Tuesday, May 19, 2009

Microsoft Media Extenders - What Microsoft Should Do

There has been a lot of talk recently about HTPC extenders that work with Microsoft's MediaCenter software.  Now with Linksys getting out of the MC extender business and HP no longer making their MediaCenter extenders and TVs, many Media Center users are left to wonder who (or what) will pick up the slack?  Where will Media Center users get reasonably priced, powerful HTPC extenders that work with their Vista MC and Windows 7 MC?

If you aren't sure what I mean by extender, here's a quick definition from Microsoft's perspective: A Windows Media Center Extender is a hardware device that, when connected to a TV, gives you the ability to enjoy the Windows Media Center experience and media on that TV, even though your Windows Vista-based PC is in another room.

Is the Xbox360 the Answer?

The typical answer that question is the XBox360 fits that need and provides Microsoft with the income they need.  While I hear the XBox 360 is a good extender that would work in a family or game room and hey it plays games too right?  But noise for me would be a problem and honestly, if I want an extra feature on my HTPC extender for my living room or bedroom it would be a Blu-Ray player - not a game machine.

Xbox 360

Or is the answer "Softsled?"

The next most frequent answer I hear is this:  "Now Microsoft should finally give us softsled."  Softsled is Microsoft's name for software-based extenders - being able to use any computer, put in "softsled" software and it works as an extender to your HTPC.  No needing to copy recorded TV shows from your server to the other PC like you do now.  This is a feature offered by Snapstream and SageTV for years.  I agree opening up to softsled is a good idea and something Microsoft should have done a long time ago, but I doubt it will happen.  I also don't believe it is the complete answer and here's why.

Softsled doesn't give you that inexpensive, silent and nearly trouble-free extender like a CE device can.  It will work for many hard-core enthusiasts, but I'm a firm believer in making the HTPC setup as easy to set up and maintain and the best way to do that in my opinion is with a hardware-based extender.  I know many will disagree with me on this of course, but I really do believe this and my three SageTV HD200's are proof in that.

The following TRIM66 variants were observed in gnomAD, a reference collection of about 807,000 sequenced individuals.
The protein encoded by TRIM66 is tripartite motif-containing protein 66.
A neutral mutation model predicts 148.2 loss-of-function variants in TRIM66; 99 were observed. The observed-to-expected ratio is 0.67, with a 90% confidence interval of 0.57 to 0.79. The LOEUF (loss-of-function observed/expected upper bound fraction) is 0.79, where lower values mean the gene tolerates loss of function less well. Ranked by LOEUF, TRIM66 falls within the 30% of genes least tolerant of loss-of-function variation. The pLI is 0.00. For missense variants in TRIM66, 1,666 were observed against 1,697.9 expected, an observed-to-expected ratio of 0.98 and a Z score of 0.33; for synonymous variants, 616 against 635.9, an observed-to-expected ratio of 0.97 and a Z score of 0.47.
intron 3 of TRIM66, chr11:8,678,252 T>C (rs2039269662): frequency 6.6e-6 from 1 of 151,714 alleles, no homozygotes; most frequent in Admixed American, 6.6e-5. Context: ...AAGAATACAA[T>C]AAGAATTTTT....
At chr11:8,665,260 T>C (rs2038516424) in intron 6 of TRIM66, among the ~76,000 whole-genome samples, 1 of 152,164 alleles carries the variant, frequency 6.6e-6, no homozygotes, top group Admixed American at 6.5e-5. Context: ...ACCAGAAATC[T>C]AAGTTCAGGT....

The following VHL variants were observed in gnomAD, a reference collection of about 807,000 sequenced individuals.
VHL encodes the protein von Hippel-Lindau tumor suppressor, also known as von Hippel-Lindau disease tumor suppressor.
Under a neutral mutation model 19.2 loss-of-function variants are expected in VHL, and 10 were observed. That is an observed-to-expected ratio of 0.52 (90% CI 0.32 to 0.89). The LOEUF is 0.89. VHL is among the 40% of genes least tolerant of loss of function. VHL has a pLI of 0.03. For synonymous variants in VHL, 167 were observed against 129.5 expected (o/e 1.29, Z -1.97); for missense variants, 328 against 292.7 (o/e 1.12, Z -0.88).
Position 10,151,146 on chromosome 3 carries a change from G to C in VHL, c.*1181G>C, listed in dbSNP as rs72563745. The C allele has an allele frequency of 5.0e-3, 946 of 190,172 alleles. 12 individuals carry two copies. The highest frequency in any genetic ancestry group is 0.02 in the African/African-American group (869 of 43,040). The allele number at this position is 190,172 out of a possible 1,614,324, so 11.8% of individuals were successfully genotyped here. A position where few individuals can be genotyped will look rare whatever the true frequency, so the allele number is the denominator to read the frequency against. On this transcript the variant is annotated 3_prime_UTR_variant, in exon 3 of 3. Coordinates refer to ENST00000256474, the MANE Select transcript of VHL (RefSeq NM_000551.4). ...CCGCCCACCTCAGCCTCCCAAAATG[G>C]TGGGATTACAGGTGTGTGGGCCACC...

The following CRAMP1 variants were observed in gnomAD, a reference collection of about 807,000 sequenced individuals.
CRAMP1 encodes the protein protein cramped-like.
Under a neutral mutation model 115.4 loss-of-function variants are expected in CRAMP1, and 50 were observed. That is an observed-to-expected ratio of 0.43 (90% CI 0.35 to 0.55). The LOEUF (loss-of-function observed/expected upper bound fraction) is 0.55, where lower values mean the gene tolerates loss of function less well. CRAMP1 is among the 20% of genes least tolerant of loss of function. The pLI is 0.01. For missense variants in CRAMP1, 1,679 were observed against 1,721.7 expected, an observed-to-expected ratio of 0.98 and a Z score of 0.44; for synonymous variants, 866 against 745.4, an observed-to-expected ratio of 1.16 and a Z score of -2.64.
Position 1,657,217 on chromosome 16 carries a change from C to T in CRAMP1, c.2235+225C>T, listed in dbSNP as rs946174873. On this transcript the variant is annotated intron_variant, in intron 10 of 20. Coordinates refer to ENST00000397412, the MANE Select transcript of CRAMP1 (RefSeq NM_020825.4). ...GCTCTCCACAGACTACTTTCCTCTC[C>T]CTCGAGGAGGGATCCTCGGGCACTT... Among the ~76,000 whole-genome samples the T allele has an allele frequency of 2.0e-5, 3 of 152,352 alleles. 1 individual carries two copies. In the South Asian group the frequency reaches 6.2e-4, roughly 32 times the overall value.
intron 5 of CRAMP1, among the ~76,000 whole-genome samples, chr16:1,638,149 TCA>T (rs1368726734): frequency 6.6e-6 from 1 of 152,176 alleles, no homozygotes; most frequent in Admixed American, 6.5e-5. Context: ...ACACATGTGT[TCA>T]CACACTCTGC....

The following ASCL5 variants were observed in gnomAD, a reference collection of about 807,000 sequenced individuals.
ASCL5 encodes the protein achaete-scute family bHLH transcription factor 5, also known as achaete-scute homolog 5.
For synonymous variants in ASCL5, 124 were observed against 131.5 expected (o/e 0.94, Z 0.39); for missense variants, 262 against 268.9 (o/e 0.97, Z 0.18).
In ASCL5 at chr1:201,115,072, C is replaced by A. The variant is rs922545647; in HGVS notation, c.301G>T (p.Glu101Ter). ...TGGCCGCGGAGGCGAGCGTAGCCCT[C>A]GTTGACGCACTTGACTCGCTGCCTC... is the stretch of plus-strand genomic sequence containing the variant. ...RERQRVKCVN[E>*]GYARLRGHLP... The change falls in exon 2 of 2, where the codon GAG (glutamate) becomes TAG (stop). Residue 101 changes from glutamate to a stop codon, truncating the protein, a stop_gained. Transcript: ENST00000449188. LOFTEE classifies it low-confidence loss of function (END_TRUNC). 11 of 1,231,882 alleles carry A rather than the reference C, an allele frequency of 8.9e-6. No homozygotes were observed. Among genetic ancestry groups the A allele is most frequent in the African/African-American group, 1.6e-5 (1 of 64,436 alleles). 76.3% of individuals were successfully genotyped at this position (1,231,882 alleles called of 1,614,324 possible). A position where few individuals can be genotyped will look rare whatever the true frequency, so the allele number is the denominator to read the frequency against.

So beyond the XBox360, MediaCenter users aren't left with many options. 

Microsoft seems to be having difficulty getting hardware vendors to create the perfect HTPC extender when they have to compete with Microsoft's very own XBox360 - doesn't seem fair when you think about it.  So what's Microsoft to do about it?

My Suggestion to Microsoft

If I were on the Ehome management team here's what I would do:  I would follow the model of the XBox 360 and the SageTV HD Extenders and handle the extenders as an "inside" device.  No more Linksys or D-Link extenders - they would be Microsoft Xtender 100 and Microsoft Xtender 200 for instance.  Of course the hardware itself would be made in China by a company that makes most of them anyway using the latest Sigma chipsets.  Then Microsoft would brand the thing with their name and the MediaCenter logo.  Microsoft's MediaCenter team would handle the firmware updates too.

The advantages of this are obvious.  Microsoft gains more control over it's MediaCenter product including the support and pricing of the hardware.  They also would be able to sell them at a lower cost by eliminating the additional company.  I would think this would also give Microsoft the ability to better integrate their other products such as Zune into the new products.  I don't see a lot of downside to this - especially given the lack of extender hardware options out there.

My glass half full self hopes that maybe Microsoft is already moving this direction.  If so, that could be one explanation for the recent moves by Linksys and HP.  I kind of hope Microsoft is secretly preparing to release their new-spangled Microsoft Xtenders and to make enthusiasts even happier softsled as well.  Take those two things and add in the availability of satellite tuners and you have yourself a very positive MediaCenter future.  That's what I'm hoping but I'm not holding my breath for the moment.